France’s President Emmanuel Macron and German Chancellor Angela Merkel have consulted on migration, fixing the euro currency, Europe’s defence, taxing digital companies and other issues as the two leaders looked to preserve their influence abroad while their authority flags at home.
Mr Macron, who came to Berlin to take part in Germany’s national remembrance day for the victims of war and dictatorship, urged European government to seize more responsibility for their own fate, especially regarding defence.
Mr Macron said that the French-German alliance “is invested with this obligation not to allow the world to slide into chaos, and to accompany it on the road of peace”.
He said that Europe cannot play its role “if it doesn’t take more responsibility for its defence and security and is content to play a secondary role on the international scene”.
Mr Macron looked ahead to the European Parliament elections in May, which will give populist and anti-EU parties another chance to test their appeal with voters.
“We must do a great deal by May next year to achieve a more united, more sovereign and more efficient Europe, which we so urgently need,” he said.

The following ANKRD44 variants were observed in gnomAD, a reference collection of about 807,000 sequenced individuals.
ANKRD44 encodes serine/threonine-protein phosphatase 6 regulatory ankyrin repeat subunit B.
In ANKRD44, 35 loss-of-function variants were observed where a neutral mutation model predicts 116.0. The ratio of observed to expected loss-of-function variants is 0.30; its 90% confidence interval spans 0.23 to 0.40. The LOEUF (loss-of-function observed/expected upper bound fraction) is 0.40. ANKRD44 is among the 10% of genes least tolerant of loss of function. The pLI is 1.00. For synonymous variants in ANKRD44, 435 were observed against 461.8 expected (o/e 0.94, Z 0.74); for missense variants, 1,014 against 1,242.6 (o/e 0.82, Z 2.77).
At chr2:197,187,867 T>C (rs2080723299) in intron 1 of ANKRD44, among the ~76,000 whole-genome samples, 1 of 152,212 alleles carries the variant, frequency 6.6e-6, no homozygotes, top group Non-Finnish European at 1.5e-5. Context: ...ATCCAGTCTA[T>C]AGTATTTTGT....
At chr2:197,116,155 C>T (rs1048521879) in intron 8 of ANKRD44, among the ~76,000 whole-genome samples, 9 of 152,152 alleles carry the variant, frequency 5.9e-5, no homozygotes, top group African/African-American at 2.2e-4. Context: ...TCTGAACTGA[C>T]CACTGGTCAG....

The two biggest countries in Europe can be a powerful force, but their leaders at the moment are hampered by falling domestic support.
Mr Macron has seen his poll ratings sag at home, where more than a quarter-million people protested Saturday over proposed petrol tax hikes.
Mrs Merkel has been a lame duck since saying she would not seek another term.
…..of money spent on protecting other countries, and we get nothing but Trade Deficits and Losses. It is time that these very rich countries either pay the United States for its great military protection, or protect themselves…and Trade must be made FREE and FAIR!
— Donald J. Trump (@realDonaldTrump) November 12, 2018
Mrs Merkel has offered support for Mr Macron’s proposal for a European army some day.
Both leaders have said Europe needs to depend less on others, such as the US, for its defence.
US President Donald Trump has unsettled Nato allies by demanding member countries either pay more for defence or “protect themselves”, as he put it in a recent tweet.